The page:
Responding to numerous concerns and suggestions from the HEUG constituency, Oracle developed a completely new transcript mechanism, involving a set of better designed tables, a much better processing engine, and a powerful new reporting tool called Oracle XML Publisher that allows the institution to design its transcript template using familiar tools such as Microsoft Word. This new Campus Solutions 9.0 approach is incomparably superior to the old one. It should allow us to retire all of our modifications to the old transcript, which were among the most extensive and difficult to maintain of all of our customizations.

Perhaps the most promising global feature introduced in version 9.0 is a very powerful and flexible mechanism known as Population Selection. Until now, Oracle has had to make its best guess as to which particular parameters an institution might wish to use to define the target population for each of the many batch processes found in the system. But higher education has such diverse needs that there is no way to please everyone with a fixed set of parameters for any given process. The solution was to allow institutions to define the population by a text file, a user-defined query, or a tool known as the Equation Engine.  Several delivered processes have now been configured to use this tool, others are planned for future release, and the capability has been provided for adapting any batch process to use this mechanism.  Again, this tool should allow us to eliminate many modified or custom processes that we have developed using hard-coded selection criteria.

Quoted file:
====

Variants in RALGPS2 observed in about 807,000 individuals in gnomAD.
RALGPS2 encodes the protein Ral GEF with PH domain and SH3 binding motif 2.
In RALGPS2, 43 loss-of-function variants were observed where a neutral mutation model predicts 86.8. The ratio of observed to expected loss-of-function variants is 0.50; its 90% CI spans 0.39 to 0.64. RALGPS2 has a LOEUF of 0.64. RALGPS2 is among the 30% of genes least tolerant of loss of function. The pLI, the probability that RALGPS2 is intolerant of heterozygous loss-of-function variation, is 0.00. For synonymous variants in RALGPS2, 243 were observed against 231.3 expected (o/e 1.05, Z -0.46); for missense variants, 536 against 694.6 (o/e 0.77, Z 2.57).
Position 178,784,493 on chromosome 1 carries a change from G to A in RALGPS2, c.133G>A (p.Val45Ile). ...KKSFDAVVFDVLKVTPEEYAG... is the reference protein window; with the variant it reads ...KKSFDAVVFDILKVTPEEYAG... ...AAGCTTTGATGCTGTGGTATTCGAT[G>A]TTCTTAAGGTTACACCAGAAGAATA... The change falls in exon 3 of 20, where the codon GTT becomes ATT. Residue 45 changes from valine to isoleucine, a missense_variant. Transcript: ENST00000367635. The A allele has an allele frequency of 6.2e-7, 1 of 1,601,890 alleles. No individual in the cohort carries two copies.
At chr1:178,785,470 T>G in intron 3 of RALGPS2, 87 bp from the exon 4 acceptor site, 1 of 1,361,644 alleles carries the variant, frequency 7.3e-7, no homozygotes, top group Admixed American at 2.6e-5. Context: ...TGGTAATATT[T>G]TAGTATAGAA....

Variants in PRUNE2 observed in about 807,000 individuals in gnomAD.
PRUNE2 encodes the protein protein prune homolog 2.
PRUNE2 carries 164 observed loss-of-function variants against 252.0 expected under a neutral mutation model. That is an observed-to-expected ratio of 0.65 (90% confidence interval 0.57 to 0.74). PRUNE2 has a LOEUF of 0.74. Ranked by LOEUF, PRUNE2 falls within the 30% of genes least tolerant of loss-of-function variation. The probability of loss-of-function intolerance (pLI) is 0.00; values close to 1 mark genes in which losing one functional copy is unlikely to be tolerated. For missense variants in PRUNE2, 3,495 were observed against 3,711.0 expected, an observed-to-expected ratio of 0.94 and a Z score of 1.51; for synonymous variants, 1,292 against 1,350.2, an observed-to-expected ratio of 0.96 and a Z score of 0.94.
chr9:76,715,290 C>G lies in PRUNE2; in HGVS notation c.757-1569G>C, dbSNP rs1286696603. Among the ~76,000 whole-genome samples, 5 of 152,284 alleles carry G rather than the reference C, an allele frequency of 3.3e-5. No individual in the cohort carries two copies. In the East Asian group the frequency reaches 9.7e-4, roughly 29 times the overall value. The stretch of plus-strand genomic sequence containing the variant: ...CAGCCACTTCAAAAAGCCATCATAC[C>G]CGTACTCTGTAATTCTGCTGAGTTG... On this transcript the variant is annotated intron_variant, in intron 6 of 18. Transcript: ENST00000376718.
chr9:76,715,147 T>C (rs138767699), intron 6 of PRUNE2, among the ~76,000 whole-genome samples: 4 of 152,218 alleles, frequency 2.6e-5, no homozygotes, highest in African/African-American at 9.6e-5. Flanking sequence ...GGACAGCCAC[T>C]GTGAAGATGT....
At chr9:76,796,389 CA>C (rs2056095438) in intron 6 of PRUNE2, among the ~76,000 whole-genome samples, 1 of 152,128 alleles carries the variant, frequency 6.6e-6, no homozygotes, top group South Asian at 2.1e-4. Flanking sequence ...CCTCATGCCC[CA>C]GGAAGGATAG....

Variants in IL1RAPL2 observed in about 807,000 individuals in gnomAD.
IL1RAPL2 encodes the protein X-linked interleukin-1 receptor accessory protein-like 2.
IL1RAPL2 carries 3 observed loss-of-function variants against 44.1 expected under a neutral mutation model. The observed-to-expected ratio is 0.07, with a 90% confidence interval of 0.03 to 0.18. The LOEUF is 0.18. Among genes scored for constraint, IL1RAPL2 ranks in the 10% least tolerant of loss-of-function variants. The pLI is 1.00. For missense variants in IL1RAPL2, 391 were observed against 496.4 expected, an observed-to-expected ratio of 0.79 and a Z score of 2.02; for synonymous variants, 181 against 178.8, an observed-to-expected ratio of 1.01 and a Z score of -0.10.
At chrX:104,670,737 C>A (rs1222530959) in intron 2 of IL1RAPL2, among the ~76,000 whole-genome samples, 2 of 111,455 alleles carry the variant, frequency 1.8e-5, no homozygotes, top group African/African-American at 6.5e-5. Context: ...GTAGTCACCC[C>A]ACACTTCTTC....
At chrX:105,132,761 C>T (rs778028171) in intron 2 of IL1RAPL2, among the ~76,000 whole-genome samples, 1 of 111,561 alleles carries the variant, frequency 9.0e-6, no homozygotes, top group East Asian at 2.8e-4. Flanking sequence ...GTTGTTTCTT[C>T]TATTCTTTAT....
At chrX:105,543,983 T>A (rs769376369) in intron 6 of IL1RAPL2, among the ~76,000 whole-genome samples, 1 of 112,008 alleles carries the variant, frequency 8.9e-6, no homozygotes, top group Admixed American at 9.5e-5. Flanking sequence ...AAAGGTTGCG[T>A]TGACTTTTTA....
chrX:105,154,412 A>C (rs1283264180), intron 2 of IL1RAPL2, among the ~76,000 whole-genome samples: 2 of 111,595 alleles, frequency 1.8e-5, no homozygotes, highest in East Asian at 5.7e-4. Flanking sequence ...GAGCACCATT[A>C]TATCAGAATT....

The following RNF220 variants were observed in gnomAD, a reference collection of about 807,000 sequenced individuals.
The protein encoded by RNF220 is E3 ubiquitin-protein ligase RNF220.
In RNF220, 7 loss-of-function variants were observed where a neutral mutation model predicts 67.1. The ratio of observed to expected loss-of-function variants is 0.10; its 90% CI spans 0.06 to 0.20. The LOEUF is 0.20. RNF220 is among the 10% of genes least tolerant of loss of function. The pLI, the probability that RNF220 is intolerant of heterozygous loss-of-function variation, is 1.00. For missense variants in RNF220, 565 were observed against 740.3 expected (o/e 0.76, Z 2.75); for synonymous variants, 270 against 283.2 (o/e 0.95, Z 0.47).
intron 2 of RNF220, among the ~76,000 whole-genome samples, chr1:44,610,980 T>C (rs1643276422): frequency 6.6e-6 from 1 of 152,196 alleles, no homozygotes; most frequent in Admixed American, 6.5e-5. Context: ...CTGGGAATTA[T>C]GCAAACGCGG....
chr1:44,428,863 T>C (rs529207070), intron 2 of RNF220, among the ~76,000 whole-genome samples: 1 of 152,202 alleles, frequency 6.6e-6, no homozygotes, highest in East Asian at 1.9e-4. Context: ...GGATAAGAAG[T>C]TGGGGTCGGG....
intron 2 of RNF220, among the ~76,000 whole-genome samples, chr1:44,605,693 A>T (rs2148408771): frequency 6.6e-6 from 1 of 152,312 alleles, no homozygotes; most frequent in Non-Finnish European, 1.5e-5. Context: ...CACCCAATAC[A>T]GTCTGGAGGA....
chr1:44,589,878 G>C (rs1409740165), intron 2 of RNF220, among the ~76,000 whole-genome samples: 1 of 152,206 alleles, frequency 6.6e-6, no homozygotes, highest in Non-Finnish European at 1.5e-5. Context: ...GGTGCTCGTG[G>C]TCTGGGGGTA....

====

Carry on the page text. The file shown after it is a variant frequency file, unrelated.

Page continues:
Another very extensive area of significant improvement is self service. Enhancements in the student financials area make the functionality much more intuitive and easy to use for students, and should allow us to eliminate the majority of the modifications we have made for that purpose. A new approach to self service advisement/degree audit for students provides a much more concise and easy to follow layout than the previous version. The new Enrollment Backpack and My Planner functionality has the potential to help students plan their course enrollment in a more informed and efficient manner.